Charity calls for 'more humanity' for Syrian refugees

refugees Image copyright AFP
Image caption Hundreds of thousands of refugees have arrived in Europe over the past year

More needs to be done to help keep families together after fleeing from Syria, according to a charity working with refugees in Scotland.

Migrant Voice claims many Syrians are struggling to bring close relatives to the UK lawfully.

The group urged the UK government to treat refugees "more humanely".

The Home Office said the UK had a "proud record" on granting asylum and more than 22,000 family reunion visas were granted over the past five years.

The call from Migrant Voice came as 200 faith leaders urged the prime minister to do more to help refugees from the world's war zones.

Nazek Ramadan, the director of Migrant Voice, said: "We're calling on the government to treat people with refugee status more humanely.

"Tens or even hundreds of refugees are struggling to bring their families in.

"The government is investing lots of time and energy and resources to try and assist Syrians to integrate into the UK but most Syrians cannot integrate if their families are still at war."

'I nearly died to be with them'

The Zalagana family have made their home in Glasgow, after fleeing the bombs of Syria.

"There were airplanes bombing and we were in the underground shelter with lots of dust," said 10-year-old Ahmed.

"The planes were bombing and people were dying."

Mother Manal and her five children now have official refugee status. But their father, Khaldoun, does not.

He said he was nearly beaten to death in a prison in Syria and he was rescued from the Mediterranean when the smugglers' boat he was travelling in capsized.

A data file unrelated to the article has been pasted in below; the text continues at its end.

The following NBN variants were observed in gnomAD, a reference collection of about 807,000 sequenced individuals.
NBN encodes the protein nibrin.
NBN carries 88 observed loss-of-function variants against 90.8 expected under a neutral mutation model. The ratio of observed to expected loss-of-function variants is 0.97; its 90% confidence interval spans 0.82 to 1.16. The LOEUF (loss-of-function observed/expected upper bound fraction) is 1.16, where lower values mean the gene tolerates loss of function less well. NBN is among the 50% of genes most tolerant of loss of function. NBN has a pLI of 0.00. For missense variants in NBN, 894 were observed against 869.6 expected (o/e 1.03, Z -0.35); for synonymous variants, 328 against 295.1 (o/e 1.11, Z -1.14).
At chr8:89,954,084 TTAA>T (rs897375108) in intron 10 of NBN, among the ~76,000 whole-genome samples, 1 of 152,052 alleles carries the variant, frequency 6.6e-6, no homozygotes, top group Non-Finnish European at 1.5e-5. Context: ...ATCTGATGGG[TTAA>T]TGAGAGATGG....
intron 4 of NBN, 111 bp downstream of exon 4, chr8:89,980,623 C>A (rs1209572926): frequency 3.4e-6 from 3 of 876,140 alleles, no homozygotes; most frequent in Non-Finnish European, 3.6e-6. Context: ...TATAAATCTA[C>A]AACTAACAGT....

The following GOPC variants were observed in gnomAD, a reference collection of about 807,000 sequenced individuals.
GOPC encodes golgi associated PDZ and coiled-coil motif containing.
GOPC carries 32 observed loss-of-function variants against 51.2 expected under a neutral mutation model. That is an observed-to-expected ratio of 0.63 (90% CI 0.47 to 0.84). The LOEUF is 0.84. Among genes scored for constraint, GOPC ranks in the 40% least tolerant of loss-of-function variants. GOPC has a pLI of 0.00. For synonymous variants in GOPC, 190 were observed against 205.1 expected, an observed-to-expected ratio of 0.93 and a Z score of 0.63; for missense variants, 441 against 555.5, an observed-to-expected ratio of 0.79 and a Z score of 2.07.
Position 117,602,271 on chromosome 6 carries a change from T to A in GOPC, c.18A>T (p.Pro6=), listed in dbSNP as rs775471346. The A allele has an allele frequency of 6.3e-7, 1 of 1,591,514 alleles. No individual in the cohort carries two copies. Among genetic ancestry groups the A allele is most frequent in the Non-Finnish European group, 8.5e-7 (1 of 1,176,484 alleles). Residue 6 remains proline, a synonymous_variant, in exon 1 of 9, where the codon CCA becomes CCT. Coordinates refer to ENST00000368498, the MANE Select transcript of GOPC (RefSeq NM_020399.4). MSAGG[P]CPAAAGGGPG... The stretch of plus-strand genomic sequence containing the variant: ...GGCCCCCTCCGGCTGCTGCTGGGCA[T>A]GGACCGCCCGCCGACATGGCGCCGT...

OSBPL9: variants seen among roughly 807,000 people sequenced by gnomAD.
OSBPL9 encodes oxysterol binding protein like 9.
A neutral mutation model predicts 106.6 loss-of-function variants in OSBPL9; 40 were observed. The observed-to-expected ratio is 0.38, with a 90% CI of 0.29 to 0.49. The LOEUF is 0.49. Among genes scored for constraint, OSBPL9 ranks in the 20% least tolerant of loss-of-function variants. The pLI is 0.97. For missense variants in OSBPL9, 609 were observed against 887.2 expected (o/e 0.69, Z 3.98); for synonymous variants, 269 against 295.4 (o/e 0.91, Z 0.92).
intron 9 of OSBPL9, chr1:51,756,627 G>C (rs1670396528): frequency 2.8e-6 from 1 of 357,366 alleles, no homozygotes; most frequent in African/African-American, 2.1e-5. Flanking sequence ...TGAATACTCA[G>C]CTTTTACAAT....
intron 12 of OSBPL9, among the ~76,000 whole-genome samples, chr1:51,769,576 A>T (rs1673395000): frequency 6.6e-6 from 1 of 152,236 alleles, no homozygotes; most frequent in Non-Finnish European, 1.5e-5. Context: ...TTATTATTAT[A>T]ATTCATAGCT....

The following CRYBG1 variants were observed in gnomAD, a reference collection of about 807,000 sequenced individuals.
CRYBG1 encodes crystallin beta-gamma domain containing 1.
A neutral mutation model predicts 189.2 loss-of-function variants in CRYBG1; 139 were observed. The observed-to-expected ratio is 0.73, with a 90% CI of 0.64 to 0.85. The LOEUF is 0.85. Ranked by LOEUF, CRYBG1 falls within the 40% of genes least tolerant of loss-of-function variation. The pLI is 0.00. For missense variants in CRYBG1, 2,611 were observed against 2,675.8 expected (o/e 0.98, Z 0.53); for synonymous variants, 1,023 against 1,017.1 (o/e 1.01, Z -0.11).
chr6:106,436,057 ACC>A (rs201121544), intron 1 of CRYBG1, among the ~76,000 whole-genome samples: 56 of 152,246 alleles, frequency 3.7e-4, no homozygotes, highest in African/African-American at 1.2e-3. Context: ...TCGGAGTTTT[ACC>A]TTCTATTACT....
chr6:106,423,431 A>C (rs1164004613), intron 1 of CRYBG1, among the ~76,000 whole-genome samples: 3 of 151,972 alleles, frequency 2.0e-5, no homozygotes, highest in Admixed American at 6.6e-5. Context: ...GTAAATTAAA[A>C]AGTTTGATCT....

He jumped on to a lorry at Calais in a bid to get into the UK and secure safe passage for his family.

"I nearly died to be with them, to have them with me," he said. "I just can't imagine life without them."

Now Khaldoun is the illegal immigrant and his family, who followed via Turkey, can stay. Manal said she cannot manage without him.

"I can't understand why they wouldn't give him a visa, refugee status here," she said.

"I need him, the children need him. I'm not well but also I have two disabled children. We all need him. I just don't understand the system."

Khaldoun has to prove he is the children's father to get the right to stay with them.

"The government don't believe they're my family," he explained.

"I'm prepared to prove to them to take a DNA test or anything they ask for. I call for help from the government so that I can work and support my family."

The UK is committed to resettling 20,000 Syrian refugees through its vulnerable persons resettlement (VPR) scheme over the next five years.

The Home Office said it was unable to comment on individual cases but a spokesperson added: "The UK has a proud history of granting asylum to those who genuinely need it, and every case is carefully considered on its individual merits.

"Our refugee family reunion policy allows a spouse or partner and children under the age of 18 of those granted refugee status or humanitarian protection in the UK to reunite with them here, providing they formed part of the family unit before the sponsor fled their country of origin.

"More than 22,000 family reunion visas have been granted under this policy over the past five years - reuniting many refugees with their immediate family."

Earlier this month, the Scottish government announced Scotland had accepted 1,000 refugees in the last year..

Angela Constance, the cabinet secretary for communities and equalities, said the concerns of Migrant Voice were "very real".

"I myself have written to the Home Office with the Scottish government's concerns about the family reunion process," she said.

"We have to be in the business of keeping families together so we are calling on the UK government to revisit and revise the guidelines of the family reunion programme."

'I'd rather die with my children in Syria'

Mohamad Alhawamdeh is entitled to stay in Glasgow but his family in Syria cannot join him.

He said the Home Office said his documents were not sufficient to show they are his wife and children.

"I gave them the photos," he said.

"I gave them the result of the DNA test to prove they are my kids, I also brought a document from the United Nations but I was refused."

He has now spiralled into depression.

"I'd prefer to go back to Syria and die with my children under the bombing than stay without them," he said.

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